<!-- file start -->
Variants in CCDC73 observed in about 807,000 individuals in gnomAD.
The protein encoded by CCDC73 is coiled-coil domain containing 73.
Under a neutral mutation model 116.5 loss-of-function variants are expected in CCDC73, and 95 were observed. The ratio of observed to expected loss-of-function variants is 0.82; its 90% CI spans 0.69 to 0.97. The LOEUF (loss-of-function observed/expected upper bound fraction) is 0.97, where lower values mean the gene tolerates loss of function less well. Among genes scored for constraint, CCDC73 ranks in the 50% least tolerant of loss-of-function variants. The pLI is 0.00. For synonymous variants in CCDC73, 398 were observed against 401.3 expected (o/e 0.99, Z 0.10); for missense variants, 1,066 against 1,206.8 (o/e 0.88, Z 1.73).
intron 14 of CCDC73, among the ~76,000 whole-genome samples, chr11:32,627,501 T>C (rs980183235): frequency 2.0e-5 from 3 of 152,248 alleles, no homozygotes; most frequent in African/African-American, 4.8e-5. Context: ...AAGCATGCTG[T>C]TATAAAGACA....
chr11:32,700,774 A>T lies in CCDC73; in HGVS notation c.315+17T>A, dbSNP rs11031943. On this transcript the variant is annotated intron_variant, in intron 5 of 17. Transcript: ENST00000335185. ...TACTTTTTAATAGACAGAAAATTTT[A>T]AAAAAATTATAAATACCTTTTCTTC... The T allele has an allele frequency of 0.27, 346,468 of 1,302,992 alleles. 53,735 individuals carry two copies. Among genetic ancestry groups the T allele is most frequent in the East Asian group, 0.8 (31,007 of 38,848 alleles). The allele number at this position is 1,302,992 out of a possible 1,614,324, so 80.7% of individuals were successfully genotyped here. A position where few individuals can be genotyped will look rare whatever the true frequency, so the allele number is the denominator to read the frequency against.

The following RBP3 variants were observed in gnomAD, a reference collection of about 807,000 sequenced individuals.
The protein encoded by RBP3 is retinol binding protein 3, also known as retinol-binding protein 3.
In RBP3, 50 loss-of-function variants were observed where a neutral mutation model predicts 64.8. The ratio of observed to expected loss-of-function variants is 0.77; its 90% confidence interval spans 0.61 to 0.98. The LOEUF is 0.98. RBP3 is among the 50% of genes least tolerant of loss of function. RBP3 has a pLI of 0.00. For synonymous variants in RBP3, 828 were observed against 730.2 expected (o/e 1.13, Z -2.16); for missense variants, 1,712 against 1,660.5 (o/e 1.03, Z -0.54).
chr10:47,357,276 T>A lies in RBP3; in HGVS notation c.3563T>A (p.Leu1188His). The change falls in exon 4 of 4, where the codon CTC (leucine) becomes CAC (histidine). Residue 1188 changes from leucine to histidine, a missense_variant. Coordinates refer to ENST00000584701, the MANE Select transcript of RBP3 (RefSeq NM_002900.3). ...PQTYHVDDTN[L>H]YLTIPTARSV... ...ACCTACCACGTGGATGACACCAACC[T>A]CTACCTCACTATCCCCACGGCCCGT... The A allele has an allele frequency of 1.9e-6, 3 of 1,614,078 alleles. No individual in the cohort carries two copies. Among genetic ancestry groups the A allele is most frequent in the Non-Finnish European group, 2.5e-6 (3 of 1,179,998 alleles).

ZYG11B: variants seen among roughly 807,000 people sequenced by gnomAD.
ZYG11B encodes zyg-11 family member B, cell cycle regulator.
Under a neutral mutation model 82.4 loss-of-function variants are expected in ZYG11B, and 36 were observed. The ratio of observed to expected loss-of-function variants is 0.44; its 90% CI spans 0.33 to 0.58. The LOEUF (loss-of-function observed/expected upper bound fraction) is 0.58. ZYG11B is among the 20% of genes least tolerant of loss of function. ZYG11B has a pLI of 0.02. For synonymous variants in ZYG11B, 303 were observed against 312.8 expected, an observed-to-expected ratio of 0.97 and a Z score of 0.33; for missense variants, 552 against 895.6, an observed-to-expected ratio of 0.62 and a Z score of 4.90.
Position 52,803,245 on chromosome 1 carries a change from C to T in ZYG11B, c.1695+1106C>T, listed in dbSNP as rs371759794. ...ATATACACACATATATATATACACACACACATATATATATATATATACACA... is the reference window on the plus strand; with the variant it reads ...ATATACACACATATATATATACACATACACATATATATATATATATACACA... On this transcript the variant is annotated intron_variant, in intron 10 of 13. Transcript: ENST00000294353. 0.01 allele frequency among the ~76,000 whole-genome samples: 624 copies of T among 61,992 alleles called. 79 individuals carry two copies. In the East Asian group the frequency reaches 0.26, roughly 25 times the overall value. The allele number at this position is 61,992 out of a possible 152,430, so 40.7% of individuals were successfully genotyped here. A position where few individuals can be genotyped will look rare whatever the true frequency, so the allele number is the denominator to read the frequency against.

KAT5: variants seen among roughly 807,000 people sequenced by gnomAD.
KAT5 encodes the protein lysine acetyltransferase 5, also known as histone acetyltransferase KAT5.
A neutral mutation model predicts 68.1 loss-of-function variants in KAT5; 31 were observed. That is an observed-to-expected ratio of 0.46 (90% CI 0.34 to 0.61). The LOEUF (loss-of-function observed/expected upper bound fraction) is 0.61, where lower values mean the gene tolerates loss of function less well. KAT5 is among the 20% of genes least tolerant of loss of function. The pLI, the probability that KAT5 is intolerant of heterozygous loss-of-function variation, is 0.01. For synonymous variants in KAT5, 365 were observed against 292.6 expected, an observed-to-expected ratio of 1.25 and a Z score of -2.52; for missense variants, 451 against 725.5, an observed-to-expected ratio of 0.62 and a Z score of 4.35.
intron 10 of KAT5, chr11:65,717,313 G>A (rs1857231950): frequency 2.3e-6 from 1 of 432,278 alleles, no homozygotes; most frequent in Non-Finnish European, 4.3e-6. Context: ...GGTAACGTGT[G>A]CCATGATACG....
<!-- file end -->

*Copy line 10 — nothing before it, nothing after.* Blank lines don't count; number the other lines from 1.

ZYG11B: variants seen among roughly 807,000 people sequenced by gnomAD.